The US economy unexpectedly shrank in the fourth quarter, contracting at a 0.1 percent annual rate, according to a report on Wednesday. The contraction was mostly attributed to a decline in government outlays and a smaller gain in inventory.
In contrast, consumer spending grew at a 2.2 percent annual rate, up from 1.6 percent in the previous quarter. Residential construction grew at a 15.3 percent rate.
Adding to signs of underlying growth in the US economy, data from ADP on Wednesday showed that companies took on 192,000 employees in January, up from 185,000 in December.
Indeed, the Federal Reserve left monetary policy unchanged on Wednesday, noting in its statement following its latest monetary policy meeting: “Growth in economic activity paused in recent months in large part because of weather-related disruptions and other transitory factors.”
Meanwhile, economic data from Europe on Wednesday were mixed.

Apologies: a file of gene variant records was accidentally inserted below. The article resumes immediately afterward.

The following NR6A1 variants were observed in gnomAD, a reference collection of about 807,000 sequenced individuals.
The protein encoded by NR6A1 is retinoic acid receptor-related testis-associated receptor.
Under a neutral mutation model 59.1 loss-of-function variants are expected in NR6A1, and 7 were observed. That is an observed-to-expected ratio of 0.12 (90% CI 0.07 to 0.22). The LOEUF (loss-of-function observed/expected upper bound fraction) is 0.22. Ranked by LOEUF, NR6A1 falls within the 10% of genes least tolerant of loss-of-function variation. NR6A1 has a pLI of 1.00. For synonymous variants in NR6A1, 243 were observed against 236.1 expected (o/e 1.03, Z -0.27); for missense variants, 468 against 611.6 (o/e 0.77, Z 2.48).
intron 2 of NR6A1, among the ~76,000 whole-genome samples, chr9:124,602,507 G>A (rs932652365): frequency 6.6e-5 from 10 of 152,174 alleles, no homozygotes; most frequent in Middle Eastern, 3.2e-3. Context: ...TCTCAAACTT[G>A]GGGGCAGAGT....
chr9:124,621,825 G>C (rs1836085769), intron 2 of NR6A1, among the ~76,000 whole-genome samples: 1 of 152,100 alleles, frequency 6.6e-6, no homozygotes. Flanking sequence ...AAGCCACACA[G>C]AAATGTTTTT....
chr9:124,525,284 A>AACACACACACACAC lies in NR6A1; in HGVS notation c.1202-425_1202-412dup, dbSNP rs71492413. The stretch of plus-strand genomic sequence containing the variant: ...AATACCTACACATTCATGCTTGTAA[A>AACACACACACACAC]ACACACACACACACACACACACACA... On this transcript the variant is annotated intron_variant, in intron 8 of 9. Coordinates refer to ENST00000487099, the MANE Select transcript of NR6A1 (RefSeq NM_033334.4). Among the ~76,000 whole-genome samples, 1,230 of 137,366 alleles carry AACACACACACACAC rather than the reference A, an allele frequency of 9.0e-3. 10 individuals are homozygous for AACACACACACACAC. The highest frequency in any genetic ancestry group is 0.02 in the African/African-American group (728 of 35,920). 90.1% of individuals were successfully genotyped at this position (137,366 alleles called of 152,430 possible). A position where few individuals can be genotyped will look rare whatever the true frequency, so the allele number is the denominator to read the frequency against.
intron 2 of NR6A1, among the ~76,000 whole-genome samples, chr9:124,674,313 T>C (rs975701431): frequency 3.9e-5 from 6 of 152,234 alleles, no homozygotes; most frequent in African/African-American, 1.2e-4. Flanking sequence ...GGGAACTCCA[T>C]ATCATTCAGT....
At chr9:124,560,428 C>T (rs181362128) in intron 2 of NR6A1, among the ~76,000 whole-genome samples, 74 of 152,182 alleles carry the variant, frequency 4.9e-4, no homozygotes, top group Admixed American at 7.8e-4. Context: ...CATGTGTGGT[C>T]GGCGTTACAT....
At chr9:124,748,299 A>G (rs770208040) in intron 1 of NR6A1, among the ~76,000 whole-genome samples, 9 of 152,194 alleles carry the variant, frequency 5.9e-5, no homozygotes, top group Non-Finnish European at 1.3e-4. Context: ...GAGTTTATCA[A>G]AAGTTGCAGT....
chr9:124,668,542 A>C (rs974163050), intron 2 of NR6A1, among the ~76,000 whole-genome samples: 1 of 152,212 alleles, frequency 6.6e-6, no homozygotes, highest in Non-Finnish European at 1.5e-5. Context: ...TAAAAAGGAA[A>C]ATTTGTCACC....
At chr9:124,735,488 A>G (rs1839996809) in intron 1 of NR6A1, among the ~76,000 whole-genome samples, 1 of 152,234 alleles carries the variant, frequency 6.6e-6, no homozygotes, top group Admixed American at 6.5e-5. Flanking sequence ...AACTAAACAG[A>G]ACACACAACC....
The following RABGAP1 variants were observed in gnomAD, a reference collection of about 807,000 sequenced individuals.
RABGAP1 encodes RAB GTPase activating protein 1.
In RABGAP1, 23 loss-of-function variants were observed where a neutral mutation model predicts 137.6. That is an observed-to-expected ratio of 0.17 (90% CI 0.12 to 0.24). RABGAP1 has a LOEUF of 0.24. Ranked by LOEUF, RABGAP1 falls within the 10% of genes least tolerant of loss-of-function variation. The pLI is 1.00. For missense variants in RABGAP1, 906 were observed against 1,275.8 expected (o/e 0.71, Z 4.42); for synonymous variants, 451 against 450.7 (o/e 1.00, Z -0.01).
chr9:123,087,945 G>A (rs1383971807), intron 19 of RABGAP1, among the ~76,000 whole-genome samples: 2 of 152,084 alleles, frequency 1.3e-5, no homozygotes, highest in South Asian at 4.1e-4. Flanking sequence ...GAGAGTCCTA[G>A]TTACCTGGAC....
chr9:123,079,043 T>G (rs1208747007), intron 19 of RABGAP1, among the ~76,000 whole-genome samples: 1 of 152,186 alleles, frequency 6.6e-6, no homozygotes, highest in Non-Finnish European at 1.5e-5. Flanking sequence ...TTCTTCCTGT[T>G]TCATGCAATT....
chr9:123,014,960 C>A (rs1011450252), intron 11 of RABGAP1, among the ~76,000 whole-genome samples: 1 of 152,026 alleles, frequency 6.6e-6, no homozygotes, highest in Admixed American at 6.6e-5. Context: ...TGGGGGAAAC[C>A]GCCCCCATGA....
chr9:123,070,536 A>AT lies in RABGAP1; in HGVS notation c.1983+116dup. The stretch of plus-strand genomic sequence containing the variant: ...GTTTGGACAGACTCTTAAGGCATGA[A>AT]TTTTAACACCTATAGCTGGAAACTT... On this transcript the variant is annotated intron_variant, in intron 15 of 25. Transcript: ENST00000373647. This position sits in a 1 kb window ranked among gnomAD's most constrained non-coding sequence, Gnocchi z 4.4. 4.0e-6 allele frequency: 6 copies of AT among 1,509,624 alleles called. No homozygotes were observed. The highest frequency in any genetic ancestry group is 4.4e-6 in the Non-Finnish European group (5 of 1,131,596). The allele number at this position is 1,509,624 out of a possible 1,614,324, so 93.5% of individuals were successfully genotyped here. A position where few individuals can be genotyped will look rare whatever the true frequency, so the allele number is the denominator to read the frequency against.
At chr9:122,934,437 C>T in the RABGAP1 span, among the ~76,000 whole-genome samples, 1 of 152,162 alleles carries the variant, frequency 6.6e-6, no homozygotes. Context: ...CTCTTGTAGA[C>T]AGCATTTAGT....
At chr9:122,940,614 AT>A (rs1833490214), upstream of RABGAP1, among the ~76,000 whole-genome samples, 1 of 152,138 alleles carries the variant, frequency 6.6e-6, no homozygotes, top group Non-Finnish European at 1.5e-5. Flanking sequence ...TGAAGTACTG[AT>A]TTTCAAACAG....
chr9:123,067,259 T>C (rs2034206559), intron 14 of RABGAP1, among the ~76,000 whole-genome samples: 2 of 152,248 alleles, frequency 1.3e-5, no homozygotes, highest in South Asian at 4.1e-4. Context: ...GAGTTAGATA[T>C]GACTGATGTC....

Spain’s recession deepened in the fourth quarter as gross domestic product fell 0.7 percent, worse than the previous quarter's 0.3 percent decline.
However, economic confidence in the euro area improved in January, with the European Commission's economic sentiment indicator rising to 89.2 from 87.8 in December.
There were also positive economic data from the UK. Home loan approvals rose to 55,785 in December, the highest since January 2012, from 54,011 in November. Net mortgage lending increased by 1.036 billion pounds in December, the largest amount since April.